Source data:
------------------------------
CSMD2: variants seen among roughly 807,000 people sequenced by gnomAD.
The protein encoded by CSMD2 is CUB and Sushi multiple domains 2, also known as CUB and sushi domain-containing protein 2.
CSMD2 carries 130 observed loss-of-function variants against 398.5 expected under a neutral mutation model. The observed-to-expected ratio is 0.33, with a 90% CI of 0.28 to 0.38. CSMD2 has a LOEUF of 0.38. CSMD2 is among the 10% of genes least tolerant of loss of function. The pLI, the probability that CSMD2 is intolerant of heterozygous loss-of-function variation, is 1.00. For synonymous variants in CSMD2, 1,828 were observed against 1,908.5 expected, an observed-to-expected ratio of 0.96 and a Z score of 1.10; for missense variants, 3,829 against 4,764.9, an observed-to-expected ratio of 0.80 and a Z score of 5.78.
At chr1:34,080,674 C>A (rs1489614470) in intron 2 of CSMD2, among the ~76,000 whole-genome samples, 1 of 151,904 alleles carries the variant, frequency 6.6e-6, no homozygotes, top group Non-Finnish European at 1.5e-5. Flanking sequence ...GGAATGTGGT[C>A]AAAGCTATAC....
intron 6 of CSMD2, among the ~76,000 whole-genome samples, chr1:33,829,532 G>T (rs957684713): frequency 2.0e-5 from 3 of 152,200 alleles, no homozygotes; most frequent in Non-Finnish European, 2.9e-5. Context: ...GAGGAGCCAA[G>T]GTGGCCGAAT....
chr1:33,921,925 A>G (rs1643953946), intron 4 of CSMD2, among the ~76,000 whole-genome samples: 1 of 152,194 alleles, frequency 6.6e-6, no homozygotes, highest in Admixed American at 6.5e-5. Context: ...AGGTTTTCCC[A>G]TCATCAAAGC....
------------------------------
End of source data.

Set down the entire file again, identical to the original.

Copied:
CSMD2: variants seen among roughly 807,000 people sequenced by gnomAD.
The protein encoded by CSMD2 is CUB and Sushi multiple domains 2, also known as CUB and sushi domain-containing protein 2.
CSMD2 carries 130 observed loss-of-function variants against 398.5 expected under a neutral mutation model. The observed-to-expected ratio is 0.33, with a 90% CI of 0.28 to 0.38. CSMD2 has a LOEUF of 0.38. CSMD2 is among the 10% of genes least tolerant of loss of function. The pLI, the probability that CSMD2 is intolerant of heterozygous loss-of-function variation, is 1.00. For synonymous variants in CSMD2, 1,828 were observed against 1,908.5 expected, an observed-to-expected ratio of 0.96 and a Z score of 1.10; for missense variants, 3,829 against 4,764.9, an observed-to-expected ratio of 0.80 and a Z score of 5.78.
At chr1:34,080,674 C>A (rs1489614470) in intron 2 of CSMD2, among the ~76,000 whole-genome samples, 1 of 151,904 alleles carries the variant, frequency 6.6e-6, no homozygotes, top group Non-Finnish European at 1.5e-5. Flanking sequence ...GGAATGTGGT[C>A]AAAGCTATAC....
intron 6 of CSMD2, among the ~76,000 whole-genome samples, chr1:33,829,532 G>T (rs957684713): frequency 2.0e-5 from 3 of 152,200 alleles, no homozygotes; most frequent in Non-Finnish European, 2.9e-5. Context: ...GAGGAGCCAA[G>T]GTGGCCGAAT....
chr1:33,921,925 A>G (rs1643953946), intron 4 of CSMD2, among the ~76,000 whole-genome samples: 1 of 152,194 alleles, frequency 6.6e-6, no homozygotes, highest in Admixed American at 6.5e-5. Context: ...AGGTTTTCCC[A>G]TCATCAAAGC....